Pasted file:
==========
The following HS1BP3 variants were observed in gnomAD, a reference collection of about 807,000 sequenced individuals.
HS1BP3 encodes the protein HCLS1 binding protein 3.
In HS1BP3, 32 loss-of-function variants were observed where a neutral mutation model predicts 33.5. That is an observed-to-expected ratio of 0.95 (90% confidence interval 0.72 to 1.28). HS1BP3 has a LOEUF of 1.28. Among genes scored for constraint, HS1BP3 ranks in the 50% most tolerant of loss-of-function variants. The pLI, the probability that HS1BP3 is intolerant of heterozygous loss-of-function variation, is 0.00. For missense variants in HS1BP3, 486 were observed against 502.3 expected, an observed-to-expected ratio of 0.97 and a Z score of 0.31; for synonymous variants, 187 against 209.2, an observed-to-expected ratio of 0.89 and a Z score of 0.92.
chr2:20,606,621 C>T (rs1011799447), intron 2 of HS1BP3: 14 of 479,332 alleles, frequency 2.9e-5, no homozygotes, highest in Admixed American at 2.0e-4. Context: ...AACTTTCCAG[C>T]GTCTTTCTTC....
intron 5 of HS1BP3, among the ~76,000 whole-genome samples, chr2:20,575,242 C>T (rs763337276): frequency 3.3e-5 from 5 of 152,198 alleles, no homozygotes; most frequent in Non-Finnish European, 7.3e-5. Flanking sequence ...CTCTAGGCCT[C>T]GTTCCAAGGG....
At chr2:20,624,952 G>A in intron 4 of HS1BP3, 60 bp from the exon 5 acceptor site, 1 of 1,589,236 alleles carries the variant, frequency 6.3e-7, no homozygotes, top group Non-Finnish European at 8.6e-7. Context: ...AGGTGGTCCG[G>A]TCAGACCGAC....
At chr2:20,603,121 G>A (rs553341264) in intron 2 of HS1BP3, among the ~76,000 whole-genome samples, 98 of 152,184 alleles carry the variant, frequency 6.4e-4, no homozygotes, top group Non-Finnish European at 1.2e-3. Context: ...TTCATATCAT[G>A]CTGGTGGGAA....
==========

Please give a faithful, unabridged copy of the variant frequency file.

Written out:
The following HS1BP3 variants were observed in gnomAD, a reference collection of about 807,000 sequenced individuals.
HS1BP3 encodes the protein HCLS1 binding protein 3.
In HS1BP3, 32 loss-of-function variants were observed where a neutral mutation model predicts 33.5. That is an observed-to-expected ratio of 0.95 (90% confidence interval 0.72 to 1.28). HS1BP3 has a LOEUF of 1.28. Among genes scored for constraint, HS1BP3 ranks in the 50% most tolerant of loss-of-function variants. The pLI, the probability that HS1BP3 is intolerant of heterozygous loss-of-function variation, is 0.00. For missense variants in HS1BP3, 486 were observed against 502.3 expected, an observed-to-expected ratio of 0.97 and a Z score of 0.31; for synonymous variants, 187 against 209.2, an observed-to-expected ratio of 0.89 and a Z score of 0.92.
chr2:20,606,621 C>T (rs1011799447), intron 2 of HS1BP3: 14 of 479,332 alleles, frequency 2.9e-5, no homozygotes, highest in Admixed American at 2.0e-4. Context: ...AACTTTCCAG[C>T]GTCTTTCTTC....
intron 5 of HS1BP3, among the ~76,000 whole-genome samples, chr2:20,575,242 C>T (rs763337276): frequency 3.3e-5 from 5 of 152,198 alleles, no homozygotes; most frequent in Non-Finnish European, 7.3e-5. Flanking sequence ...CTCTAGGCCT[C>T]GTTCCAAGGG....
At chr2:20,624,952 G>A in intron 4 of HS1BP3, 60 bp from the exon 5 acceptor site, 1 of 1,589,236 alleles carries the variant, frequency 6.3e-7, no homozygotes, top group Non-Finnish European at 8.6e-7. Context: ...AGGTGGTCCG[G>A]TCAGACCGAC....
At chr2:20,603,121 G>A (rs553341264) in intron 2 of HS1BP3, among the ~76,000 whole-genome samples, 98 of 152,184 alleles carry the variant, frequency 6.4e-4, no homozygotes, top group Non-Finnish European at 1.2e-3. Context: ...TTCATATCAT[G>A]CTGGTGGGAA....